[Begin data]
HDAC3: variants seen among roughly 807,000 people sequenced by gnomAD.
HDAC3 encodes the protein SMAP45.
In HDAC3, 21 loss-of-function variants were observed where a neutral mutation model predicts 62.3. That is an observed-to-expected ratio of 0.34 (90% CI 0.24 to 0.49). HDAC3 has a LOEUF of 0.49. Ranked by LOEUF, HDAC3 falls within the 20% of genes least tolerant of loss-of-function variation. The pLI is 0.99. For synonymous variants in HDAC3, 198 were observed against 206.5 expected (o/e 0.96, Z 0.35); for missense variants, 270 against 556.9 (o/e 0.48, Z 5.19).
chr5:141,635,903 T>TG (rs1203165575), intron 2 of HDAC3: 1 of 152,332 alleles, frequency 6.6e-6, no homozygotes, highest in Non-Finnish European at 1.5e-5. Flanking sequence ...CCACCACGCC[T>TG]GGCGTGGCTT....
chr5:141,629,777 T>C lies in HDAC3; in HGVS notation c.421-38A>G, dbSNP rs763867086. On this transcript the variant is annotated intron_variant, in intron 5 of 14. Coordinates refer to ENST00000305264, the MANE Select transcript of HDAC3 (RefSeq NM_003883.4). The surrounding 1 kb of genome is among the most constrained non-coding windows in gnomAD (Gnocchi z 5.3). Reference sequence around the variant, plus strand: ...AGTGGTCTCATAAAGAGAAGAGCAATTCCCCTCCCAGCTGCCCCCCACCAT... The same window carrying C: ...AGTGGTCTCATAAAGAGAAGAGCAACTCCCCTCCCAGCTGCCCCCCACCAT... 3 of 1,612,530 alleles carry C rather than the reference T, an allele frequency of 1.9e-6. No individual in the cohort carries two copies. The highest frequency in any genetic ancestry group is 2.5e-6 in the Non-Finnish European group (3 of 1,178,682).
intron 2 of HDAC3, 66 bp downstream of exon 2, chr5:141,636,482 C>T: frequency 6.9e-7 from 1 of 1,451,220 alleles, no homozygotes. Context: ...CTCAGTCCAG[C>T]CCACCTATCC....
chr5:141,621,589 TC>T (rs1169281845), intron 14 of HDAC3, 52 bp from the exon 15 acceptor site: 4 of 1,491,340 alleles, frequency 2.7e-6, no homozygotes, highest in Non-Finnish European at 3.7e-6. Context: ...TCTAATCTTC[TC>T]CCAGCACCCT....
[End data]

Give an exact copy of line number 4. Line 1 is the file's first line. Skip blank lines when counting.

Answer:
chr5:141,635,903 T>TG (rs1203165575), intron 2 of HDAC3: 1 of 152,332 alleles, frequency 6.6e-6, no homozygotes, highest in Non-Finnish European at 1.5e-5. Flanking sequence ...CCACCACGCC[T>TG]GGCGTGGCTT....